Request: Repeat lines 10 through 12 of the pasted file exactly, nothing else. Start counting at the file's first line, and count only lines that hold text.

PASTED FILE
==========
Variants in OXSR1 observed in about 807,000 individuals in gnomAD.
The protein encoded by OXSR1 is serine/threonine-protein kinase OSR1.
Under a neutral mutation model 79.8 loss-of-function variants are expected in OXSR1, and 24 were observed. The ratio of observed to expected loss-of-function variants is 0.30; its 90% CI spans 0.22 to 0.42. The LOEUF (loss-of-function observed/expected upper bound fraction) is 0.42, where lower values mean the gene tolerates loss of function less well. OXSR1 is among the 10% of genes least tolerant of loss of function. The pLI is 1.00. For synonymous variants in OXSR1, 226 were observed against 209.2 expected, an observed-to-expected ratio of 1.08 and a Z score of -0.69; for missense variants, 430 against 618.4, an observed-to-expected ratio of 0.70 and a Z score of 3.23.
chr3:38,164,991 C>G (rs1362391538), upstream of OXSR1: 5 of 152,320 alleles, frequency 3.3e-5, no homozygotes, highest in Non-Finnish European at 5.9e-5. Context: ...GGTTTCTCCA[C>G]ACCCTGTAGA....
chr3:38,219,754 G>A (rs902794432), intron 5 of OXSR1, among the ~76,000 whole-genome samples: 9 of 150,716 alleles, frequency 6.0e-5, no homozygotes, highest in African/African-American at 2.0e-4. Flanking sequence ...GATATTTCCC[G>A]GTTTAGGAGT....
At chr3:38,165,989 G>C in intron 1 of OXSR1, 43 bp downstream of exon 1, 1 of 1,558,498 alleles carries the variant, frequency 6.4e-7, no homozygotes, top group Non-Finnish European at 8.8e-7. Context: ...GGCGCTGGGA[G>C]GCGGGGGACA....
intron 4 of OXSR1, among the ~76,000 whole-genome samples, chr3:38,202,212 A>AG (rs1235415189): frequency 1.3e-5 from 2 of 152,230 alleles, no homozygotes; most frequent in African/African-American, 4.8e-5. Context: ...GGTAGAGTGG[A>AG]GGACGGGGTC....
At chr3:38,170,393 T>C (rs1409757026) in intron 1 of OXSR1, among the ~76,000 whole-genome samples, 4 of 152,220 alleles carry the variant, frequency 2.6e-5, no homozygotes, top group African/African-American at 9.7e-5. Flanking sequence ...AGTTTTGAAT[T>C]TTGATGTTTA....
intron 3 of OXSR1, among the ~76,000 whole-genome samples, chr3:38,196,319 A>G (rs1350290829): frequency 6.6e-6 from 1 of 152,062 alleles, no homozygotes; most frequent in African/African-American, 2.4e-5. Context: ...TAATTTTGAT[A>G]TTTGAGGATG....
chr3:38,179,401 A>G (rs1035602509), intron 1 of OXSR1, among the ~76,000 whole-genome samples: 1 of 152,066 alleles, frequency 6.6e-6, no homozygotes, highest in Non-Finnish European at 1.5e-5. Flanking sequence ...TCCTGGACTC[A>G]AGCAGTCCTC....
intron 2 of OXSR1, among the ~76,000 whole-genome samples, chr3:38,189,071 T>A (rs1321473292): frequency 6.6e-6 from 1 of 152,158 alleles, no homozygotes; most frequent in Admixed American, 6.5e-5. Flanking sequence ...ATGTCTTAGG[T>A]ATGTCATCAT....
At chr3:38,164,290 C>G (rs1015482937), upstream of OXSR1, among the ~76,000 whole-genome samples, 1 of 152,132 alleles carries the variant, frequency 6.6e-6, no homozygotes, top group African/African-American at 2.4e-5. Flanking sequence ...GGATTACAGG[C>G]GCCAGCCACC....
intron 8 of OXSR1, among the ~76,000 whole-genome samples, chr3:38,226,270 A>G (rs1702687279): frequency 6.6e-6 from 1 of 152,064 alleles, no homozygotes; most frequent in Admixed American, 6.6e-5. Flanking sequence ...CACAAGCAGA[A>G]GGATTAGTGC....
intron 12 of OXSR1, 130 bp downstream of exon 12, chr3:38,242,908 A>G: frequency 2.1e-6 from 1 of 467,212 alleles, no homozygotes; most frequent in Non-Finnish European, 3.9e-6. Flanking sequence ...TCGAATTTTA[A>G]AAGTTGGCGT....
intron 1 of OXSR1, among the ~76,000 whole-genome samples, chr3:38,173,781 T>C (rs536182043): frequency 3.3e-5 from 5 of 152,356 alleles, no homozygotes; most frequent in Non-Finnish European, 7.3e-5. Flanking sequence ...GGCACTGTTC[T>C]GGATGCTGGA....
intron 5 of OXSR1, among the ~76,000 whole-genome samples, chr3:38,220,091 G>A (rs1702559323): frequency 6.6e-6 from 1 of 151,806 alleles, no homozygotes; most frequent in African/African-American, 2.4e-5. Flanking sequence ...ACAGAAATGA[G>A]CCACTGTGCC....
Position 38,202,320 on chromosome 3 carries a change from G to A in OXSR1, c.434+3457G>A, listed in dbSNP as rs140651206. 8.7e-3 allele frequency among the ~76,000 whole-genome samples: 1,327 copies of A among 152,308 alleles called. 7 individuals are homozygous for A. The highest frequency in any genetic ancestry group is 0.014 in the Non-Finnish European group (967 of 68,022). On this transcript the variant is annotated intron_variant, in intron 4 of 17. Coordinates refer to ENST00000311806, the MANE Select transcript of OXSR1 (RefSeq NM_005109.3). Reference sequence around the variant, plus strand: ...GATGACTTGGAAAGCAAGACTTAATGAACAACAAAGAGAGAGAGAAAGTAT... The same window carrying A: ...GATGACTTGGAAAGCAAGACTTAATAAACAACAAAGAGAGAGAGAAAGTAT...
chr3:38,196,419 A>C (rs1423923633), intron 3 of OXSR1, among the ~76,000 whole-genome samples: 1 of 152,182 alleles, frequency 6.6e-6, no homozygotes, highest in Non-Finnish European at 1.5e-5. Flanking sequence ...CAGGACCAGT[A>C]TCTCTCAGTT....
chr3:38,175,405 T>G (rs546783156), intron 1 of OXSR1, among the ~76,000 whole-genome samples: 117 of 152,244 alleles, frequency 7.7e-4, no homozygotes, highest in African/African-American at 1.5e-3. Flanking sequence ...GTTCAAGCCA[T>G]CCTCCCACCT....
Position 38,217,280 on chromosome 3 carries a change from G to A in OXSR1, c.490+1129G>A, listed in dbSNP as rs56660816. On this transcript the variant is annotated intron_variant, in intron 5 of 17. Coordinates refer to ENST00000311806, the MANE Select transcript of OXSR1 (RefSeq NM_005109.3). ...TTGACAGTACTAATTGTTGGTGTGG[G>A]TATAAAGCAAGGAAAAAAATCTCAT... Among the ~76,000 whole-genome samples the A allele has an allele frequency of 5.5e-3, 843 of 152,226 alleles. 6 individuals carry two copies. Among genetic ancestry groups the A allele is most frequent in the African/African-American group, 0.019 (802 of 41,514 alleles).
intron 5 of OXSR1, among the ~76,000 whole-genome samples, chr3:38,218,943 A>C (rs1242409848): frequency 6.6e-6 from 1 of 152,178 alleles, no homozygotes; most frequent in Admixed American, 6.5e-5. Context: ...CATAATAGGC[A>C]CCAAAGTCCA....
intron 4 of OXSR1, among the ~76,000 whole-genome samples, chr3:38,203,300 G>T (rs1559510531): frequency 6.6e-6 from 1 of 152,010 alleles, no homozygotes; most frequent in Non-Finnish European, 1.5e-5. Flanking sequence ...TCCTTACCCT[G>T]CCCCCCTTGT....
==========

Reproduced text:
chr3:38,179,401 A>G (rs1035602509), intron 1 of OXSR1, among the ~76,000 whole-genome samples: 1 of 152,066 alleles, frequency 6.6e-6, no homozygotes, highest in Non-Finnish European at 1.5e-5. Flanking sequence ...TCCTGGACTC[A>G]AGCAGTCCTC....
intron 2 of OXSR1, among the ~76,000 whole-genome samples, chr3:38,189,071 T>A (rs1321473292): frequency 6.6e-6 from 1 of 152,158 alleles, no homozygotes; most frequent in Admixed American, 6.5e-5. Flanking sequence ...ATGTCTTAGG[T>A]ATGTCATCAT....
At chr3:38,164,290 C>G (rs1015482937), upstream of OXSR1, among the ~76,000 whole-genome samples, 1 of 152,132 alleles carries the variant, frequency 6.6e-6, no homozygotes, top group African/African-American at 2.4e-5. Flanking sequence ...GGATTACAGG[C>G]GCCAGCCACC....